We finally made it to the lower 48! It took 11 days to cover 3,678 miles from Denali to Lincoln, Nebraska, where we are visiting with friends for a few days before finishing the trek to the log cabin in Michigan.
Of course, the terrain changed with every passing state or province. We finally left the northern Rocky Mountains in British Columbia and spent several days crossing the northern plains. Our photos captured the corresponding changes.
Kaye and I are currently resting up, restocking the fridge, and enjoying the return of decent internet services. We’re pretty worn out but basking in the accomplishment of driving the Alaska Highway… both ways! We’ll be writing lots more about our experiences as we get rested up and ready to return to a more normal flow of life.
Alaskans are only half civilized… and proud of it. The call of the wild includes the lure of wild wide-open spaces, but it brings a lot of inconvenience for the outsiders from the lower 48 who are used to their perks. While camped at Denali for the last five weeks Kaye and I have had to accept that we won’t have a good internet link, and for me that has meant a long silence with regard to my travel blog. I haven’t posted because I simply couldn’t get online for much of the time.
Anyway, we departed Denali yesterday for the 4,000 miles trek back across the Alaska Highway to Michigan and plan to take about three weeks doing it. Our first stop near Anchorage provided a good internet connection, so I’m logging a quick post to let everyone know we are on the road again and will likely not be posting very often while heading across through the Yukon and northern Canada.
I am planning to write some more extensive reviews after arriving back in civilization.
“Climbing a mountain” is a figurative expression that is used to acknowledge the presence of a monumental challenge, something that we know will be difficult. It could be something like pursuing a college degree or quitting smoking or any of a thousand other tough quests.
For us three years ago, it was the process of downsizing and moving out of our house of 40 years so we could move into an RV and pursue life on the road. It was truly monumental.
But yesterday, “climbing a mountain” was not figurative language for me but an actual event. After a couple weeks of consideration and a practice run at it, I took on the challenge of the difficult hiking trail to the Mt. Healy Overlook. A week before, I had hiked the first half of it then turned back, deciding it was too strenuous. Finally, I was able to view the first attempt as conditioning for yesterday’s ultimate climb. And it worked; I made it to the top, a vertical climb of 1,700 feet over 2.3 miles! In fact, I cut a bit of time off the predicted duration of 4 to 5 hours for the round trip.
Arriving back in the canyon in the late afternoon, I went to see Scott at Denali Adventure Tours to update him on the details of the climb (Yes, I decided that the steep trail would be more accurately described as a “climb” rather than a hike). That’s when I discovered that my first information ranking the difficulty of the climb as “moderate” was bad intel. Sure enough, Scott’s vast encyclopedia of adventure knowledge pegged that trail as “strenuous”. Now I could believe that!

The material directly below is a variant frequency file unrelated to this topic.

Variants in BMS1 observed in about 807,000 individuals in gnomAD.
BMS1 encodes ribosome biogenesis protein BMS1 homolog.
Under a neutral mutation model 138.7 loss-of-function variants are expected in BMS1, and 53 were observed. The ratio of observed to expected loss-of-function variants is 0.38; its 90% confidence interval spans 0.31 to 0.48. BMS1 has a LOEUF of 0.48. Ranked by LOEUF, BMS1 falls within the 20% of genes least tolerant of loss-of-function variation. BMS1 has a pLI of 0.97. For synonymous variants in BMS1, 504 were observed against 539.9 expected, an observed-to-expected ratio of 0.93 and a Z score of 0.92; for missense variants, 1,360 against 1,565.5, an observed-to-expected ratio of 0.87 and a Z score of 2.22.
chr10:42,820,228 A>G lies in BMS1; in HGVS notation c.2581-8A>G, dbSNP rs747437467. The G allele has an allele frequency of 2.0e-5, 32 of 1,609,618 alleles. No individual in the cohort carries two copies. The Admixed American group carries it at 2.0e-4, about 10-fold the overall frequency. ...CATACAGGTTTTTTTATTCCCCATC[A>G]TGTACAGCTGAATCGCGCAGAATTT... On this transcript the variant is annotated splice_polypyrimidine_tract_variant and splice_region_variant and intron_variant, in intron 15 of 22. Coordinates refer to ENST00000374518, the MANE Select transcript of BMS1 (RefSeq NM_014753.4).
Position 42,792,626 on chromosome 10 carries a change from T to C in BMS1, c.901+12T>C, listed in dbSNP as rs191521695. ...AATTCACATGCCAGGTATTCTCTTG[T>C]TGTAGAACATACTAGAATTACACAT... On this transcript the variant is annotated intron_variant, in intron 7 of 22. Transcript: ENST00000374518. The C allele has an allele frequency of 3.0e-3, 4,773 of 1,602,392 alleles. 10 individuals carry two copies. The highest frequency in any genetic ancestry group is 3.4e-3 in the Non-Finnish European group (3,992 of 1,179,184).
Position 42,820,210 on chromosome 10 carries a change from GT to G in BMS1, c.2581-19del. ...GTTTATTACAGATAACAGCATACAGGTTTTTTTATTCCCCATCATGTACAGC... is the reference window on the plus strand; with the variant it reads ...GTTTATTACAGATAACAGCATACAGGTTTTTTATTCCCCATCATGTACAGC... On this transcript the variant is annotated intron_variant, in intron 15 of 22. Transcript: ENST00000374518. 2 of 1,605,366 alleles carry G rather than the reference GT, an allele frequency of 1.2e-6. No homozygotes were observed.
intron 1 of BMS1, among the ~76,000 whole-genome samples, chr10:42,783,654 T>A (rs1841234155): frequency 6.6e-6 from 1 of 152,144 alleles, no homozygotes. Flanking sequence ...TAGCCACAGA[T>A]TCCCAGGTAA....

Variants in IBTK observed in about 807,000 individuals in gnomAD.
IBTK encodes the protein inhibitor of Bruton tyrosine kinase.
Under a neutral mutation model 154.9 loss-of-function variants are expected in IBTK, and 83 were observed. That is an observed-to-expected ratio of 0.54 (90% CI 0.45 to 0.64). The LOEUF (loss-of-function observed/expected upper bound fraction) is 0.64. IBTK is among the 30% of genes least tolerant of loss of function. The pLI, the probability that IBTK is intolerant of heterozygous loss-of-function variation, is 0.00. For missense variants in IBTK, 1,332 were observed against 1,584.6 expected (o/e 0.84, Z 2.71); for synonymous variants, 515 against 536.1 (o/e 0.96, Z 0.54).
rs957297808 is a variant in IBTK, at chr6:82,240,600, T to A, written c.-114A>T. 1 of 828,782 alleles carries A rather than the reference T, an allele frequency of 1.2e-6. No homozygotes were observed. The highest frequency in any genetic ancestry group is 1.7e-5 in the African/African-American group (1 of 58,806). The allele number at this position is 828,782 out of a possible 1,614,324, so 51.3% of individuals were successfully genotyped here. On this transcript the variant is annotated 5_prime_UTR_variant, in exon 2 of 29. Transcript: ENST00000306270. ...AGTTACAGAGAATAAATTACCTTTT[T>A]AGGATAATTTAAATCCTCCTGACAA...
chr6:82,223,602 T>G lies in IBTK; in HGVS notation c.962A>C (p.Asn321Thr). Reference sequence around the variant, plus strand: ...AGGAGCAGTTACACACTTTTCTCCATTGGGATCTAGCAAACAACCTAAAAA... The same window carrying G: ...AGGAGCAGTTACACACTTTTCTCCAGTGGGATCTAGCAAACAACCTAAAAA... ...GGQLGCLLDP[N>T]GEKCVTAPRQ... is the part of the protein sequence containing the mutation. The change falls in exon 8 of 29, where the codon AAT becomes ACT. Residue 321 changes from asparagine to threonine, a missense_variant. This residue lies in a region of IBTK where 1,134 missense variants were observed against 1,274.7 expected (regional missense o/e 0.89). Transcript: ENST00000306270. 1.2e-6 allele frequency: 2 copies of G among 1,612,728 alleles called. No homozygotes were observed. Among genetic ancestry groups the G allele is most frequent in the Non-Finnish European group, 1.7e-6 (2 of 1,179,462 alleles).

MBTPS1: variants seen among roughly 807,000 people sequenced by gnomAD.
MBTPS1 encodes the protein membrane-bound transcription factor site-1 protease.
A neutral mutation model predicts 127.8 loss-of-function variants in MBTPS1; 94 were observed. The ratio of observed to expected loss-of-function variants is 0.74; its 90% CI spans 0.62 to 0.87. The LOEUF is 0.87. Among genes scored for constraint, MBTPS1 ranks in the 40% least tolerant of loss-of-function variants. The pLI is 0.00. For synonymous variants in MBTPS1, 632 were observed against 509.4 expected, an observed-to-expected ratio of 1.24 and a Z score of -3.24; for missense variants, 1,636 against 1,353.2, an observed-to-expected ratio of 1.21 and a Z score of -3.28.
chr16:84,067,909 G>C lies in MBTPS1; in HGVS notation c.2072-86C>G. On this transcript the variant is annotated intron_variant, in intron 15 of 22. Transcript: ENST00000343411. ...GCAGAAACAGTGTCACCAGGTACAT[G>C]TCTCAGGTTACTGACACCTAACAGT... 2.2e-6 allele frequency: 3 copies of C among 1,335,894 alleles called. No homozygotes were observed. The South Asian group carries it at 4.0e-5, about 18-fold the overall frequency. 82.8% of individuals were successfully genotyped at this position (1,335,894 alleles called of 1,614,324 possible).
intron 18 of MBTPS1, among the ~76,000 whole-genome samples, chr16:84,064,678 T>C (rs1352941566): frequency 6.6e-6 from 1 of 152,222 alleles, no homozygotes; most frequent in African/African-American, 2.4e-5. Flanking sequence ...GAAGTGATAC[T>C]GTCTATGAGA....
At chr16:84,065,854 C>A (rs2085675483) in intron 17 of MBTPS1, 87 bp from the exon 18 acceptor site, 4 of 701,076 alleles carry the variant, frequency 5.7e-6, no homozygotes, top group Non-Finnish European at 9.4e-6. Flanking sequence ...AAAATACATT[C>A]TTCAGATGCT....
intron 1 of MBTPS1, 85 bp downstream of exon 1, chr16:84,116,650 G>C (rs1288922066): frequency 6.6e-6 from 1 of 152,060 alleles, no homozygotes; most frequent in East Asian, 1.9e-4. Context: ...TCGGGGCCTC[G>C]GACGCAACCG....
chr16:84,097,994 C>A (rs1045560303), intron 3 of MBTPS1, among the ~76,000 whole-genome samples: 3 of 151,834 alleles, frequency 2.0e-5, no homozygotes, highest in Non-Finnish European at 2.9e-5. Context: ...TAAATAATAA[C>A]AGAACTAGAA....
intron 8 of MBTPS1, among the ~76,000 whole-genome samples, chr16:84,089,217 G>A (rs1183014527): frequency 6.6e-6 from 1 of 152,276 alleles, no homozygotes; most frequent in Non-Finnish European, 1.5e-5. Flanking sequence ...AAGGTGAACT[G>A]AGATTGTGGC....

As I had been scrambling over large boulders on the upper slopes I had heard myself grumbling under my breath about the guy who must have ranked the trail without ever climbing it. “Only a 16-year-old athlete would call this a “moderate” hike!” I fumed.
In terms of “Climbing a mountain”, this one was the real thing! The truth is, I would definitely not have taken on that climb if I had known up front what a grueling challenge I was in for. But now that I’ve done it, I’m happy about it… and happy to still be alive!
“Tree line is at 3,000 feet,” said our pilot, Dan. “Above 7,000 feet there’s just rock and snow.” We had just taken off in a little 8-seater plane for a fly-by of Mt. McKinley, the highest point on the North American continent, and Dan was already sharing his comprehensive knowledge of the mountain geography, naming rivers, glaciers and mountains as we skimmed over snow-capped peaks on a bee-line for Denali.
At first there was a lot of color as we climbed out of the dark green forest, but before long there was only snow and rocky cliffs, sure enough. There were glaciers by the dozen, some of them perched in hanging valleys, others stretching into the distance like long wide rivers of ice.
Our flight took us delightfully close to the jagged peaks as Dan zig-zagged his way between spires and pinnacles all along the way. We soon reached Mount McKinley itself, a huge, disorganized heap of rock with all sorts of cliffs and mounds facing in all directions and several glaciers oozing from its high canyons and valleys.Pretty soon we made a wide banking turn over a massive glacier and headed back through the dizzying maze of peaks as Dan pointed out a trail across a snow field left by the last team of climbers on the mountain. I wondered how they knew where it was safe to cross; I was seeing dozens of crevasses from the air.
This flight to the Mountain was certainly the pinnacle of my Alaska experience. We are just about halfway through our summer in the land of the midnight sun and realizing that it is such a vast area that we will not get to see everything; there is just no way.
Seeing it from the air certainly covers a lot of territory in a short time. Maybe I’ll get to catch another flight around the Mountain before my time is up here. What a natural high!
My flight was arranged by my son-in-law, Scott, the owner of Denali Adventure Tours. It’s just one of many adventure trips they provide.
(Click on any of the photos in this post to see a larger view.)